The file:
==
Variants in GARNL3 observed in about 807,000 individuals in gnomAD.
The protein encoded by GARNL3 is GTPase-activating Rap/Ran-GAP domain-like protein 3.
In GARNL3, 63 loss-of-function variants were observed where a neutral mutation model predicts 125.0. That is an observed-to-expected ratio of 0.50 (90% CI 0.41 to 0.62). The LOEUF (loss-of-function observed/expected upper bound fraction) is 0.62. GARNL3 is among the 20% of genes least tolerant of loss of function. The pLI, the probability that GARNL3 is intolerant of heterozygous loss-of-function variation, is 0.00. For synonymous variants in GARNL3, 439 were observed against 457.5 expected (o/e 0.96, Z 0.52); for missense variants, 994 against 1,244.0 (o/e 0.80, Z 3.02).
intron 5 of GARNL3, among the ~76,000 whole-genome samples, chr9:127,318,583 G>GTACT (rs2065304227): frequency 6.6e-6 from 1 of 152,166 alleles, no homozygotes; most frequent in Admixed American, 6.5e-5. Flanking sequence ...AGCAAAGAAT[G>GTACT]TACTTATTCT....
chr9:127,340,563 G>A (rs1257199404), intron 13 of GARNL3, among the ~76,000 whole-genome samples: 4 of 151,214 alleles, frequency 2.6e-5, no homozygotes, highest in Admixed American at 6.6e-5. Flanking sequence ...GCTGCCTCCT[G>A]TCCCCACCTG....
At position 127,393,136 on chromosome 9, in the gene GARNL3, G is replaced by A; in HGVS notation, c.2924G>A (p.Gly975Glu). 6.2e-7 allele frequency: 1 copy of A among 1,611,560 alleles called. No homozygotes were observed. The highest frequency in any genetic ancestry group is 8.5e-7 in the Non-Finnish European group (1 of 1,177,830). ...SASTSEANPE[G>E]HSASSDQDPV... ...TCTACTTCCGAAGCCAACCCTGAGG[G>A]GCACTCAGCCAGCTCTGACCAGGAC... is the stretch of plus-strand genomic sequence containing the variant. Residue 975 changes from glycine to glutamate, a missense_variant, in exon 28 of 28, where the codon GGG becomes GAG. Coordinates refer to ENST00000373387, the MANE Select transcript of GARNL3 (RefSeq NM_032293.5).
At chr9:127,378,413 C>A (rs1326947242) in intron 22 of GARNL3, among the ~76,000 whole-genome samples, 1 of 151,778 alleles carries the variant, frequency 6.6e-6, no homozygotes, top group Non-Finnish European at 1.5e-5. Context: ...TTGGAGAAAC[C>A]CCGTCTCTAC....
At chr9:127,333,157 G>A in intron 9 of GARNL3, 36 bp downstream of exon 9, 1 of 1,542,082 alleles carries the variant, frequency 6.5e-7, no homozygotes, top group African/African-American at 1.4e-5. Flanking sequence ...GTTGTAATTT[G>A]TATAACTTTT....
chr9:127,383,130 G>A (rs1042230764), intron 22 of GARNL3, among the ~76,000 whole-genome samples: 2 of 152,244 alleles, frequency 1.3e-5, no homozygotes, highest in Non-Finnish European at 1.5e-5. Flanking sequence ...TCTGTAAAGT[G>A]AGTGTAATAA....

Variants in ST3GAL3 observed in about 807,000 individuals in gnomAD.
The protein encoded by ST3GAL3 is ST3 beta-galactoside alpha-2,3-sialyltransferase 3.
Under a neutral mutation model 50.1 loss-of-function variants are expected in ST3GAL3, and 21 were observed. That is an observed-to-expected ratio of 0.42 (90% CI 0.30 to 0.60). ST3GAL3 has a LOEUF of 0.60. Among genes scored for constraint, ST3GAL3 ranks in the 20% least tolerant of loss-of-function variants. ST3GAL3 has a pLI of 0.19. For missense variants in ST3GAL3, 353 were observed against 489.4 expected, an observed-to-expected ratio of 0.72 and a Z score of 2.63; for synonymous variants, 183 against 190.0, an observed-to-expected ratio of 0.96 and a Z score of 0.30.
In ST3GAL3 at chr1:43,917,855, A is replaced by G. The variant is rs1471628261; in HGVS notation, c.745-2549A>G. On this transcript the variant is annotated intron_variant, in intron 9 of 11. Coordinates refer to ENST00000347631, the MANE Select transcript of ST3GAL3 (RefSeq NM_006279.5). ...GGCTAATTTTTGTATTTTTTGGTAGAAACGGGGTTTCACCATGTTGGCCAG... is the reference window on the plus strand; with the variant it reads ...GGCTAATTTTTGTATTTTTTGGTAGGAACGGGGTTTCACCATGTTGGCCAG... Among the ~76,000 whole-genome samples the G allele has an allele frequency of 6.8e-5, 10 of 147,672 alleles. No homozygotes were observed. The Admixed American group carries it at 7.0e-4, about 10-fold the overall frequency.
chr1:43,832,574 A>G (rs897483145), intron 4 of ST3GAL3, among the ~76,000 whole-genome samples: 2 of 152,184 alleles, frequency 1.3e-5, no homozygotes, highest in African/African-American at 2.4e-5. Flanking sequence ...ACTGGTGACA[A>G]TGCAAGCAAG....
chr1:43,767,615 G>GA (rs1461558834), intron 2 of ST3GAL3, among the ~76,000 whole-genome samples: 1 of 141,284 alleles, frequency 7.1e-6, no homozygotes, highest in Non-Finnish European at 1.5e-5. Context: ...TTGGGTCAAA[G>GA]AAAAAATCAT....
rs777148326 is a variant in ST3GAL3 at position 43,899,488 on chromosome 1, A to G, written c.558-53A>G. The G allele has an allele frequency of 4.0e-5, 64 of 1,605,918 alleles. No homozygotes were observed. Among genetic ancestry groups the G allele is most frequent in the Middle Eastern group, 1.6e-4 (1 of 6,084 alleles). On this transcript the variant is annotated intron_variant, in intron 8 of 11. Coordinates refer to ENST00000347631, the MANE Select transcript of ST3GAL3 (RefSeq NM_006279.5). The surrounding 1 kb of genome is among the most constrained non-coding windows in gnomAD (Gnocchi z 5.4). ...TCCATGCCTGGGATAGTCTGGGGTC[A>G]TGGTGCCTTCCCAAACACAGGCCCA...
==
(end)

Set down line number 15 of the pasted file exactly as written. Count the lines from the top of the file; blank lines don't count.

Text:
chr1:43,767,615 G>GA (rs1461558834), intron 2 of ST3GAL3, among the ~76,000 whole-genome samples: 1 of 141,284 alleles, frequency 7.1e-6, no homozygotes, highest in Non-Finnish European at 1.5e-5. Context: ...TTGGGTCAAA[G>GA]AAAAAATCAT....